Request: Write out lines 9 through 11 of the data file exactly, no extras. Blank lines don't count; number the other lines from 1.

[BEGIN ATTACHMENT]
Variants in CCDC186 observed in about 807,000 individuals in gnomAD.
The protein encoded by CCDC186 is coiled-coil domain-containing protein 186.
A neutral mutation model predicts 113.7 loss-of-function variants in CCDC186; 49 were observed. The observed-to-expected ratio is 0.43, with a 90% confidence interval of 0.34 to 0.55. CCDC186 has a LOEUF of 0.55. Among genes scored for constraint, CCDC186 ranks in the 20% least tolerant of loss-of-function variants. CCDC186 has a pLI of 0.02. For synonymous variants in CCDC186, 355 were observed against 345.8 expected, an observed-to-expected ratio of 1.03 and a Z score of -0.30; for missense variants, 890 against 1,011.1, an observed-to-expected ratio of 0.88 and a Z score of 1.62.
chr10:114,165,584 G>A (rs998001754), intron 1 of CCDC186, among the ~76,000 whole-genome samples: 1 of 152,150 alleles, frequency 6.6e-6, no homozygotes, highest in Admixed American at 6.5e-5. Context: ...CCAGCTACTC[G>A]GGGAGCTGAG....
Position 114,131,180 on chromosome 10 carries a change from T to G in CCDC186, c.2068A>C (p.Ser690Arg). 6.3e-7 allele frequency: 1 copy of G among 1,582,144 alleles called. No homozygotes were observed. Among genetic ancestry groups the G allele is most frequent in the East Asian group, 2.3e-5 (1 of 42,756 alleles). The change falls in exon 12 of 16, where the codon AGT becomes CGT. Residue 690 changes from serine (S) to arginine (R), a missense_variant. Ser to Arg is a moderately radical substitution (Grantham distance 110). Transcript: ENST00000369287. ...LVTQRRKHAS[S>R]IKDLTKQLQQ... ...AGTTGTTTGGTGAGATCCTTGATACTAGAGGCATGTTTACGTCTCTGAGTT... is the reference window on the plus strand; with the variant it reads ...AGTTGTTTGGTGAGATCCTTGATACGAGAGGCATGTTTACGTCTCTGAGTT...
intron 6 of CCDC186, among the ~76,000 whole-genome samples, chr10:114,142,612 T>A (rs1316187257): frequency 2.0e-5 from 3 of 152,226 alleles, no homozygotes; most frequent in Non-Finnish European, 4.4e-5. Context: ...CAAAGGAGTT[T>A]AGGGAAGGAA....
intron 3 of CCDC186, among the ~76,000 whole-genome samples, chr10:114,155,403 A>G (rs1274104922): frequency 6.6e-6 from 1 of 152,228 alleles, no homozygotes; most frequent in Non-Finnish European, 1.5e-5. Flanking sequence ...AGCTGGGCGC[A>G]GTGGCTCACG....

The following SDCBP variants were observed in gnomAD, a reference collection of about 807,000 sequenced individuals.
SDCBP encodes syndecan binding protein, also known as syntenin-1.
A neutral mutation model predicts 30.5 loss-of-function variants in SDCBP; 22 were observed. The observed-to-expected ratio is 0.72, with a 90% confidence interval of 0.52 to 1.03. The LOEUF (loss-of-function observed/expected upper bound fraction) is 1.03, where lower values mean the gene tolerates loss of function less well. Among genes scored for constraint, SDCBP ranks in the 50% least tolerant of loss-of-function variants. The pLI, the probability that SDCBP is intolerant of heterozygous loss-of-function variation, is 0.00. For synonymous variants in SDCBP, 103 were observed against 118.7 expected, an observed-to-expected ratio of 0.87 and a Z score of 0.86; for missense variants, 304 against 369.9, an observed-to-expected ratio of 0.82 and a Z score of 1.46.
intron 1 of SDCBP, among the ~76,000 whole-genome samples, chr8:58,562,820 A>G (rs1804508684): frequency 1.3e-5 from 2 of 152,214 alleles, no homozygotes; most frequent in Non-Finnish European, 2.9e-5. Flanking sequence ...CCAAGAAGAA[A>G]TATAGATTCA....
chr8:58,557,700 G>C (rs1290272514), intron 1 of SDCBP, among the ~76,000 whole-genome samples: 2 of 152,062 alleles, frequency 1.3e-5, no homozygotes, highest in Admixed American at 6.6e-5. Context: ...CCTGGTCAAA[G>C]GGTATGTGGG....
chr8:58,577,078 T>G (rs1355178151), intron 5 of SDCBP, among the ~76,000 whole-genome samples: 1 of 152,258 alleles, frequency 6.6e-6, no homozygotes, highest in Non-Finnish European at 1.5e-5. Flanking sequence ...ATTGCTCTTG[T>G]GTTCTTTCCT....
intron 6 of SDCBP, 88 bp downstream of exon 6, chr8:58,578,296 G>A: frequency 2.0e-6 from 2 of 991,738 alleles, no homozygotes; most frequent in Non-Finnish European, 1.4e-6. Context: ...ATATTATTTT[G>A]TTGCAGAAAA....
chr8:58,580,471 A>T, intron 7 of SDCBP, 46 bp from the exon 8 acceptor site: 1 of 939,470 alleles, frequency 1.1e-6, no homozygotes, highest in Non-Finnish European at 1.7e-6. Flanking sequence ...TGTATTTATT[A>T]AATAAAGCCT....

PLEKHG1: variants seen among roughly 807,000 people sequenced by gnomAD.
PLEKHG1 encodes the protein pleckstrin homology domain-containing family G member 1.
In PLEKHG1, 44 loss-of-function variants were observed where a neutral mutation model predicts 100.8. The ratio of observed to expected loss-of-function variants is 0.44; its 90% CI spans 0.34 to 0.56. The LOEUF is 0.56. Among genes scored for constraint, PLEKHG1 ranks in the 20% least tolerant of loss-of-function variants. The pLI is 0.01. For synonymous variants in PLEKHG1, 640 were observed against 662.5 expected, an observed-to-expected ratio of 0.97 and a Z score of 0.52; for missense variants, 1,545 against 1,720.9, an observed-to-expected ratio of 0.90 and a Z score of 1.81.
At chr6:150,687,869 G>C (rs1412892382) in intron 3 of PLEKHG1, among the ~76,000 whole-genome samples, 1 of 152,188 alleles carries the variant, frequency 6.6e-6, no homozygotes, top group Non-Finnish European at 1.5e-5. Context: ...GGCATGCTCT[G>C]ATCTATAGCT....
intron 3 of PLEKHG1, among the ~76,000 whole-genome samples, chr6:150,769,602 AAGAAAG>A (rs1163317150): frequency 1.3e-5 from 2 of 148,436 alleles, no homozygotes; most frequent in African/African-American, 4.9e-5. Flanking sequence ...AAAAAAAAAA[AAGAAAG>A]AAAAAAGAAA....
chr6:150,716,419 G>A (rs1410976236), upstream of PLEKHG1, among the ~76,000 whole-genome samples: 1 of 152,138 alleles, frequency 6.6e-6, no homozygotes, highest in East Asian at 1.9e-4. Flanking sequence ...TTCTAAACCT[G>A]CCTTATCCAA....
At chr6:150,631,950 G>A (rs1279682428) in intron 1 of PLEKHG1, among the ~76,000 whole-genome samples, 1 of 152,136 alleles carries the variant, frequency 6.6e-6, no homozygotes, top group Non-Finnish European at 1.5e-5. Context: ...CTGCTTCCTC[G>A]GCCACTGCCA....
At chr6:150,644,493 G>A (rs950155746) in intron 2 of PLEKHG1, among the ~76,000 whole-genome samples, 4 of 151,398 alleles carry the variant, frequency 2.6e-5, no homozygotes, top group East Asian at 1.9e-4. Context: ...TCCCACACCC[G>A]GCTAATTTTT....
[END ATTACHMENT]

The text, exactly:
SDCBP encodes syndecan binding protein, also known as syntenin-1.
A neutral mutation model predicts 30.5 loss-of-function variants in SDCBP; 22 were observed. The observed-to-expected ratio is 0.72, with a 90% confidence interval of 0.52 to 1.03. The LOEUF (loss-of-function observed/expected upper bound fraction) is 1.03, where lower values mean the gene tolerates loss of function less well. Among genes scored for constraint, SDCBP ranks in the 50% least tolerant of loss-of-function variants. The pLI, the probability that SDCBP is intolerant of heterozygous loss-of-function variation, is 0.00. For synonymous variants in SDCBP, 103 were observed against 118.7 expected, an observed-to-expected ratio of 0.87 and a Z score of 0.86; for missense variants, 304 against 369.9, an observed-to-expected ratio of 0.82 and a Z score of 1.46.
intron 1 of SDCBP, among the ~76,000 whole-genome samples, chr8:58,562,820 A>G (rs1804508684): frequency 1.3e-5 from 2 of 152,214 alleles, no homozygotes; most frequent in Non-Finnish European, 2.9e-5. Flanking sequence ...CCAAGAAGAA[A>G]TATAGATTCA....